The Return of Spiderhead
He’s been here.
How can I tell? The patchouli lags behind him for at least a couple of hours. It’s hovering outside my door now, in the tunnel leading up to my hidey hole.
I knew he was going to raise the rent as soon as I let his henchman in to repair the glass in the window. It got broken two years ago when his other henchman, working outside the window-well, impaled it with his shovel handle. Not wanting to break my chain of thought, I didn't say a word -- just calmly brushed away the glass and kept writing. I never once asked him to fix the star-shaped hole. In fact, I enjoyed the thin stream of air it provided, given that I can’t open the window without being pelted with mud-infused rain drops.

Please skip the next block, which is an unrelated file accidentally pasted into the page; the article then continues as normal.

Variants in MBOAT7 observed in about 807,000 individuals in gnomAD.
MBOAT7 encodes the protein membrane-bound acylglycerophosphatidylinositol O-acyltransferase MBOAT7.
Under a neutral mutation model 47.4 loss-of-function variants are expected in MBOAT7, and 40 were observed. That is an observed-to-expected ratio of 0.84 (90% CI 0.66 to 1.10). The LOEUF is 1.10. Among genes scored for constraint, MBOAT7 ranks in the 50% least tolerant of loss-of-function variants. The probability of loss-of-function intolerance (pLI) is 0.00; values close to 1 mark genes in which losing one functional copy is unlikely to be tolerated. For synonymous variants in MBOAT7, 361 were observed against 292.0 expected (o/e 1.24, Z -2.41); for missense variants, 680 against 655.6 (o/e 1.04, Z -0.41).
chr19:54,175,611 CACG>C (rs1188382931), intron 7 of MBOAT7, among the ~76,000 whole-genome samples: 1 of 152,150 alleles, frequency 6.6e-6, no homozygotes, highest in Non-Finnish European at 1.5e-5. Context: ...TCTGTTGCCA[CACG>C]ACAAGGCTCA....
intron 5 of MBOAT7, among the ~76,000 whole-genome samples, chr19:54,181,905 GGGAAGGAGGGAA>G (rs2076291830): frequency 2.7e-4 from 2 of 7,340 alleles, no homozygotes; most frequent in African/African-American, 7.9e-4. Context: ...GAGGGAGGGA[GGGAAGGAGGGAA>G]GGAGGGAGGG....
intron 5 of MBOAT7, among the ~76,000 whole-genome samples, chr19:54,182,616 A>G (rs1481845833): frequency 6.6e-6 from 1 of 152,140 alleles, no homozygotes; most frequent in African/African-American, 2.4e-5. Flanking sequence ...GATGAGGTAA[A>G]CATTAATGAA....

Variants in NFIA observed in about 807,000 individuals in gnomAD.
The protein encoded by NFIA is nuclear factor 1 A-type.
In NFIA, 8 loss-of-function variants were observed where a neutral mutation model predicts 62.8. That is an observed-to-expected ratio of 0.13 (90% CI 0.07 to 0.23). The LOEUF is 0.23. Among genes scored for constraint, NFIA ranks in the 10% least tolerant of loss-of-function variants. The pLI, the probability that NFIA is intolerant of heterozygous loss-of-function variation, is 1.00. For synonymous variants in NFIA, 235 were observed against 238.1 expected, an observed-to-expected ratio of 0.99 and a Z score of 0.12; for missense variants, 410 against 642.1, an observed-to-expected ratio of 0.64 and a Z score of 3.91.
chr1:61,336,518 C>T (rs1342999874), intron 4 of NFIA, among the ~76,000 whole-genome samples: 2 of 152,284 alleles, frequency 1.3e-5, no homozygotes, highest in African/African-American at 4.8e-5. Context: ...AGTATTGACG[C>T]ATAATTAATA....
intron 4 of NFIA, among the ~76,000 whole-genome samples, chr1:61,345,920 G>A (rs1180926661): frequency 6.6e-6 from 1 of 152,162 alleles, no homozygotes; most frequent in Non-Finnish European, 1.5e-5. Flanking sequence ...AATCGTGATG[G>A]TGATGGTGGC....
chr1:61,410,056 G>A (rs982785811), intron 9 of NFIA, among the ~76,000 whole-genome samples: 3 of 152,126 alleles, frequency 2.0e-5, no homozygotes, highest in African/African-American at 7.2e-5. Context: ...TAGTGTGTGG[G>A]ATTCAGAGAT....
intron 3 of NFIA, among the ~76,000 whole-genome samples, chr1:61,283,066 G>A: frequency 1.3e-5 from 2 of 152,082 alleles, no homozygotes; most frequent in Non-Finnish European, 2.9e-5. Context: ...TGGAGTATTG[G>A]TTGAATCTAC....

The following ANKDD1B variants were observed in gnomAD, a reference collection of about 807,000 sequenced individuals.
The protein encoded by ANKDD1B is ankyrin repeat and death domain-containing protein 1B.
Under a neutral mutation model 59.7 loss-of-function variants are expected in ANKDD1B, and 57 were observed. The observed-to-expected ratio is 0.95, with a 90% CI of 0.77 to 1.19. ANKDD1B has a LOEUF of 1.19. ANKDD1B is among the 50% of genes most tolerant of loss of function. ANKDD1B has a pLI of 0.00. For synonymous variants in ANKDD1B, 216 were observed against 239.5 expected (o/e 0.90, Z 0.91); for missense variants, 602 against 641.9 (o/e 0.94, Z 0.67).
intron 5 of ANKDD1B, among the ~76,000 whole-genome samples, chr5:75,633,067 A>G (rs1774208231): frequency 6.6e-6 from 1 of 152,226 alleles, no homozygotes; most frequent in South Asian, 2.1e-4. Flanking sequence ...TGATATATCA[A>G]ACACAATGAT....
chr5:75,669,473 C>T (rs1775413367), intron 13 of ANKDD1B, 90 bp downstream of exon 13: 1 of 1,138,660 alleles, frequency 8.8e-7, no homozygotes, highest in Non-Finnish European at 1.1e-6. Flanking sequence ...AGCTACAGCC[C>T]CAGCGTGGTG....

He kept threatening -- or as he might put it, offering -- to repair the glass. I told him it didn’t bother me. Another tenant had begged him for two years to fix a leak in her ceiling before he got around to it, so I thought I was safe. But I hadn’t decoded the formula yet: You want something, he can’t get to it. You don't want something, he’s all over it.
Too late, I realized I should have been begging him to repair the window all this time. But I couldn’t stave him off any longer. I ran out of excuses and finally had to let the henchman in to fix it. And now, sure enough, the rent is skyrocketing.
The window in question, post repair -- lower left pane.